"Wanna bum a smoke, holy man?" she asked in a bored voice, trying not to notice his still soft gray eyes behind the round scholar glasses ... or how much more strength his face had than eleven years ago. Oh, but she'd thought he was beautiful then, too. His face meant perfection and love to her. She'd kissed every inch of it once the opportunity finally came for her.
Don't remember it, Ror, she commanded herself. But her fingertips and tongue replayed the magic in her mind one more time. Don't remember loving him with tracing fingers. And don't you dare remember touching your tongue to that little cleft in his chin.
Nate was developing a nimble ability in ignoring her barbs, though she'd only thrown one at him before, the sanctimonious one that shocked her perhaps more than it had him. Instead of paying attention to this barb, he did that darn thing he always did. He stared at her like he wanted to memorize her for later fantasies.
"You look good, Rori," he said softly.
She could have listened to him talk for the rest of her life. He'd hypnotized her with just his voice, making her want him, love him, need him. And then he'd walked away from her as though her dreams for the two of them were part of some horrible error, an accident like mistaken identity.
"Does that mean something to you?" she asked, dramatically curious. When it came down to a choice between her and Jenna, how she looked certainly hadn't mattered.
The last thing she wanted was the way he looked to mean something to her, but she couldn't help staring at him helplessly, the way she had as a foolish little girl who could find love in just his smile. Snow fell on his dark, feathered hair, glistening once it settled. The contrast was precious, like something inside a glass ball.
Oh Nate, how can I possibly look at you and want so much when you belong to her and I hate you for giving her what should have been mine?
The fear of Jenna coming outside to join her husband kept Rori from weakening in her resolve to remain unaffected by him. But the rush came again as his gaze slid over her torso. He couldn't seem to help himself either. When Nate looked at her like that ... Her insides became nothing more than warm butter. What he did to her was effortless, and the sensations rocked her.
He was married, damn him, to Jenna. Jenna. Not some stranger. He had everything he'd planned for his life. He had a good Christian wife, probably a couple kids, and he pastored his own little flock at some church in Niagara Falls. Double damn him because the only thing she had was an ounce of self-respect for the first time in eleven years.
"What do you want, choir boy?" she demanded, unable to keep back her anger.
The temptation to return to her father's house just to avoid him was strong, but she couldn't let him win again. She wouldn't waste half a cigarette for him either.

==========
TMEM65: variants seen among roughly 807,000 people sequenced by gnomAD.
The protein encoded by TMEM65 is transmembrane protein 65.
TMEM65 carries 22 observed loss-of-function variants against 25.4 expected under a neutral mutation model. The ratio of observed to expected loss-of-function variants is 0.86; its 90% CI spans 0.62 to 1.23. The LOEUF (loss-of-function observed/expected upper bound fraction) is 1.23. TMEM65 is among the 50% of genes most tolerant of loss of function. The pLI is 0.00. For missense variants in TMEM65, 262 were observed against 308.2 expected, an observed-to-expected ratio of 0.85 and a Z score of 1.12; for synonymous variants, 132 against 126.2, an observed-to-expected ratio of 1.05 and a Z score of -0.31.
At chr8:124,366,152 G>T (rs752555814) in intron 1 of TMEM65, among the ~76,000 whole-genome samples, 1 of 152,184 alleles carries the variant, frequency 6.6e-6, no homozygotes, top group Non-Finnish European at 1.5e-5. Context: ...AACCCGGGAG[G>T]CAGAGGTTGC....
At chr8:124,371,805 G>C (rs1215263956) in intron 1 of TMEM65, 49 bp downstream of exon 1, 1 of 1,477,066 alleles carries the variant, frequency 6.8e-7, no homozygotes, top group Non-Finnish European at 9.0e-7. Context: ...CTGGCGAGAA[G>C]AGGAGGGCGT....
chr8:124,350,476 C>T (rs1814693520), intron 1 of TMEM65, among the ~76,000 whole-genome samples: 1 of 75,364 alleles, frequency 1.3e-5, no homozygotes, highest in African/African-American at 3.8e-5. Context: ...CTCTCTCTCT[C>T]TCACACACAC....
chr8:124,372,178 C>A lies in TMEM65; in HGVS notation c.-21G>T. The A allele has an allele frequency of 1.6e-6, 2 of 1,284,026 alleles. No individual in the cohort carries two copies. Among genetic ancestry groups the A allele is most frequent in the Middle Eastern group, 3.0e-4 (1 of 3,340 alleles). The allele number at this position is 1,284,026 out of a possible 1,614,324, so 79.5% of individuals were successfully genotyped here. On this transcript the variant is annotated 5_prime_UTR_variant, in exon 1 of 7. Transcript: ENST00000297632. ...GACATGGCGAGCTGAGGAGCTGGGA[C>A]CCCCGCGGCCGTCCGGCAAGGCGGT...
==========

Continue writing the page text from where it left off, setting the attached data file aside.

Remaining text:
He took a step closer to her, and it was all she could do not to rear back at the reaction he had on her. His nearness went to her head the way an icy blast would ... or a rush of intense heat. No middle ground existed in her emotions toward Nate.
He had to have seen her alarm because he scowled in confusion for an instant, then frowned. "What do you want, Rori? What do you want from me?"
"Exactly what I told you last time."
His smile surprised her--that he could find humor in those vicious words. His smile was also a heartache for Rori. She'd had those lips on her own once, and he'd smiled through their kiss for a few seconds before the need took over.
"Rather eloquently, as I recall," he murmured good-naturedly.
Rori watched him balance his foot on the curb and flex it. His hands burrowed in the pockets of his teal parka.
Watching him, it occurred to Rori he was nervous. Oh, not in any obvious way. Nathan Jovanovich was not a shy person. But he had been with her. He'd been shy about touching her, about asking her to hang out with him, about taking that first and only kiss.
Nothing about him made sense to her. Hating him, blaming him was easier than trying to understand the cold-blooded thing he'd done more than a decade ago.
"So what are you doing now, Rori?" he asked, glancing up from his boot.
He was irresistible. A part of her used to wonder constantly if he knew that, if he had any idea how she and Jenna competed for him. They were so obvious in their tug of war, he would have had to be blind not to see the rope sawing back and forth around him.
That she could find him irresistible after all he'd done annoyed her. Nathan Jovanovich was not a hero or a knight in shining armor. He didn't deserve forgiveness for his crimes. What he deserved was to get a slap of reality. And she knew just how to do it.
"I work at Baby Dolls in Buffalo," she told him smugly, pushing her hair back with cold fingers.
"What is that?"
She anticipated his genuine interest and ignorance, and it gave her false courage to continue. "It's an upscale gentleman's club. A skin palace."
The snow came down more heavily now, melting against the increasing heat of her face.